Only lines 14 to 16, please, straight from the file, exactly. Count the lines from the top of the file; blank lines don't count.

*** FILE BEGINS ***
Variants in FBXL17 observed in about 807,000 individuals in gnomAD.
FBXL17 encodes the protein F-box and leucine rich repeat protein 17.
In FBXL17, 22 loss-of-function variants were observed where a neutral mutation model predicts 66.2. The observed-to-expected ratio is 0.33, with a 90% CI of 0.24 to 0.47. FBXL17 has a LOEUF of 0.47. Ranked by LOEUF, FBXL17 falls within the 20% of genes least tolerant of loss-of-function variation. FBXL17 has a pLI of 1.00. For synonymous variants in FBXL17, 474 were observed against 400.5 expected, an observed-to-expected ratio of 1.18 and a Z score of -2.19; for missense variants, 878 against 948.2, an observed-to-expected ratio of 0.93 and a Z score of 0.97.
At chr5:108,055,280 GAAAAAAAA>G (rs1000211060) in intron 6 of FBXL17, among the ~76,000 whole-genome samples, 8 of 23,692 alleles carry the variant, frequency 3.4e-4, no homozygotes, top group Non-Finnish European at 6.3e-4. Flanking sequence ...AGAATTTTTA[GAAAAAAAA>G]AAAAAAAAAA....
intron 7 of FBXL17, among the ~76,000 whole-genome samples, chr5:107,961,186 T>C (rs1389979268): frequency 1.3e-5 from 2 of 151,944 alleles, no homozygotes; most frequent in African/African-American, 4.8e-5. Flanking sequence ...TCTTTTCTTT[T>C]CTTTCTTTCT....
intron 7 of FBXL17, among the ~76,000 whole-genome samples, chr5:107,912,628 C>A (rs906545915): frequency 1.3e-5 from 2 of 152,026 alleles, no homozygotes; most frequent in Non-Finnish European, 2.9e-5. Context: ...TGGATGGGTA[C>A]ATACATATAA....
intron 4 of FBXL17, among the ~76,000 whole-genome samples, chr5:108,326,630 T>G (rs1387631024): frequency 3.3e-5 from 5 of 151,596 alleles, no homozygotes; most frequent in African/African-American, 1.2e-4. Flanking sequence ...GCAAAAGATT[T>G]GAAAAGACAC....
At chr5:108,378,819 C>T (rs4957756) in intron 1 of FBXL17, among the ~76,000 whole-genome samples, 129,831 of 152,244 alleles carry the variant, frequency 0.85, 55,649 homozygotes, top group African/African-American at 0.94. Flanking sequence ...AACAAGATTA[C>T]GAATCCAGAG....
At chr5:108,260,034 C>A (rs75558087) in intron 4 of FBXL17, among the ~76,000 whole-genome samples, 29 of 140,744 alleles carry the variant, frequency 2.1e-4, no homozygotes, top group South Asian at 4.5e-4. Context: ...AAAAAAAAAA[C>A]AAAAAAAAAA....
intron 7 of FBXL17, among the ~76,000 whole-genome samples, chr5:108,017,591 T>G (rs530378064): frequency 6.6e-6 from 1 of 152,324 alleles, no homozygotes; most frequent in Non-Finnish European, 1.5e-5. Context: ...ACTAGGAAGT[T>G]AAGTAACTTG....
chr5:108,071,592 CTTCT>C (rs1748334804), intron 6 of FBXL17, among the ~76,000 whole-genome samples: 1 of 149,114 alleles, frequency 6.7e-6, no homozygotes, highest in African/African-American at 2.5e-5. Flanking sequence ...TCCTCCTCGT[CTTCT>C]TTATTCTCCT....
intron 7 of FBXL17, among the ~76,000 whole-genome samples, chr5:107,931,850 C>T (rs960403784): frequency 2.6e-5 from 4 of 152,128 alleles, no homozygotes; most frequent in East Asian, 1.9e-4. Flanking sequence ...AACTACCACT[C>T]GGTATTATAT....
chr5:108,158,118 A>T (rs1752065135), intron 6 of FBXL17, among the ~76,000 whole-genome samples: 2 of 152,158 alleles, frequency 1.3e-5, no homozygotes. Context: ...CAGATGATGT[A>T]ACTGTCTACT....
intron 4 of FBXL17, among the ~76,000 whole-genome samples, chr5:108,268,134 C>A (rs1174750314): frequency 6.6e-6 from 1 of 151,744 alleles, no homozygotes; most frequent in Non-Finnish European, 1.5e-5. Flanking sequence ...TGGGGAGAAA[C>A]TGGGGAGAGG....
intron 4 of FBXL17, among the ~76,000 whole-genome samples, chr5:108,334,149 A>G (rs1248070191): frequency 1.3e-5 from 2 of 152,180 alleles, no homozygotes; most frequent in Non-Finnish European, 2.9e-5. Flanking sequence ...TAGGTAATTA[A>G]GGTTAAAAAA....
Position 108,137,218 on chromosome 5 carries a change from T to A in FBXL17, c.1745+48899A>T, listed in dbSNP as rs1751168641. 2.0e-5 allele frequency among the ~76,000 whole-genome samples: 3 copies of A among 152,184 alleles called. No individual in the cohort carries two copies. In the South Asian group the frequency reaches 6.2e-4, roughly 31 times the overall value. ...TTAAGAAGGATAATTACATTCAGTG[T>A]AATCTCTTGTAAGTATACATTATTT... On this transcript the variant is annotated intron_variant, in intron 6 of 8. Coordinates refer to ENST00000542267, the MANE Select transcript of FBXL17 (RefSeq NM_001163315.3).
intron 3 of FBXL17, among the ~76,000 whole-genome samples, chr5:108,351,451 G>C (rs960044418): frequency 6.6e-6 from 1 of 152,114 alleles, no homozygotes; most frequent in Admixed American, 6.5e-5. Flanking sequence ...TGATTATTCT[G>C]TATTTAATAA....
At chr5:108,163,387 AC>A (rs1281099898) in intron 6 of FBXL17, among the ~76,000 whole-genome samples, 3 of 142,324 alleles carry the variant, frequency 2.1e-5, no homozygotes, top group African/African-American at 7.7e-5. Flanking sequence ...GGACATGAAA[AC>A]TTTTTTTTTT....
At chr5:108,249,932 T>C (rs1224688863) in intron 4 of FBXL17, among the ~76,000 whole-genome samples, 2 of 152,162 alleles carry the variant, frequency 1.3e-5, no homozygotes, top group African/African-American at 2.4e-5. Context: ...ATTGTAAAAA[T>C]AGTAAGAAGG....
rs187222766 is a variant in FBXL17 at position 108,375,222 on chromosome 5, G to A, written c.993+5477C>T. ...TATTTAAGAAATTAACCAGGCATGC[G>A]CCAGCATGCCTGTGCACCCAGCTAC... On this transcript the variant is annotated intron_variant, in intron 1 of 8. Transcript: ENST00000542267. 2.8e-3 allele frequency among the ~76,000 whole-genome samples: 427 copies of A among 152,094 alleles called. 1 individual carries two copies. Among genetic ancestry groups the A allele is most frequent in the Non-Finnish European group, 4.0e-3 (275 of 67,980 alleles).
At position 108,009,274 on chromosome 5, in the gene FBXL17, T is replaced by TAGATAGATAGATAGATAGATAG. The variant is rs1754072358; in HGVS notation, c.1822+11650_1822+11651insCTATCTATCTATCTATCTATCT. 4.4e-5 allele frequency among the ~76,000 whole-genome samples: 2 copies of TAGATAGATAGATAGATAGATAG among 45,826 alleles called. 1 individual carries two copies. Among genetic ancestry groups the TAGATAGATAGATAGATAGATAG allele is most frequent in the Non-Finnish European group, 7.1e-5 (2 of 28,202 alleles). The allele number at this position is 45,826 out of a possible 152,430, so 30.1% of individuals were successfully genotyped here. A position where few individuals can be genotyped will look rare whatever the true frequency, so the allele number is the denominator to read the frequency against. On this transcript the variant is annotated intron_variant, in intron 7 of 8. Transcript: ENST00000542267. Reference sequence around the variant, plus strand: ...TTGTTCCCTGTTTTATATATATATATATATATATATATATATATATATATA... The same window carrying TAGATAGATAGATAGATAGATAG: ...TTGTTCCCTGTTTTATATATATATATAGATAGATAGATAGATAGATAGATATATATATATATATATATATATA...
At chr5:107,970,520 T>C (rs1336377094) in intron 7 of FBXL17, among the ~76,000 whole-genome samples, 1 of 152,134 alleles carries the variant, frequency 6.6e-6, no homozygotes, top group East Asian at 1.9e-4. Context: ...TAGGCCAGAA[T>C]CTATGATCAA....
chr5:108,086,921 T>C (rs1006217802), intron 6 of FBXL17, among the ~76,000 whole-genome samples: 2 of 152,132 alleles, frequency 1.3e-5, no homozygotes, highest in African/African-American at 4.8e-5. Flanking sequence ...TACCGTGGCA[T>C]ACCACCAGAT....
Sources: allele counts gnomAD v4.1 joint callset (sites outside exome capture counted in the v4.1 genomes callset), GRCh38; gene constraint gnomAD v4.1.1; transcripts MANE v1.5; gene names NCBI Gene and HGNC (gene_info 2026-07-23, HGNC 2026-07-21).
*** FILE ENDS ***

intron 4 of FBXL17, among the ~76,000 whole-genome samples, chr5:108,268,134 C>A (rs1174750314): frequency 6.6e-6 from 1 of 151,744 alleles, no homozygotes; most frequent in Non-Finnish European, 1.5e-5. Flanking sequence ...TGGGGAGAAA[C>A]TGGGGAGAGG....
intron 4 of FBXL17, among the ~76,000 whole-genome samples, chr5:108,334,149 A>G (rs1248070191): frequency 1.3e-5 from 2 of 152,180 alleles, no homozygotes; most frequent in Non-Finnish European, 2.9e-5. Flanking sequence ...TAGGTAATTA[A>G]GGTTAAAAAA....
Position 108,137,218 on chromosome 5 carries a change from T to A in FBXL17, c.1745+48899A>T, listed in dbSNP as rs1751168641. 2.0e-5 allele frequency among the ~76,000 whole-genome samples: 3 copies of A among 152,184 alleles called. No individual in the cohort carries two copies. In the South Asian group the frequency reaches 6.2e-4, roughly 31 times the overall value. ...TTAAGAAGGATAATTACATTCAGTG[T>A]AATCTCTTGTAAGTATACATTATTT... On this transcript the variant is annotated intron_variant, in intron 6 of 8. Coordinates refer to ENST00000542267, the MANE Select transcript of FBXL17 (RefSeq NM_001163315.3).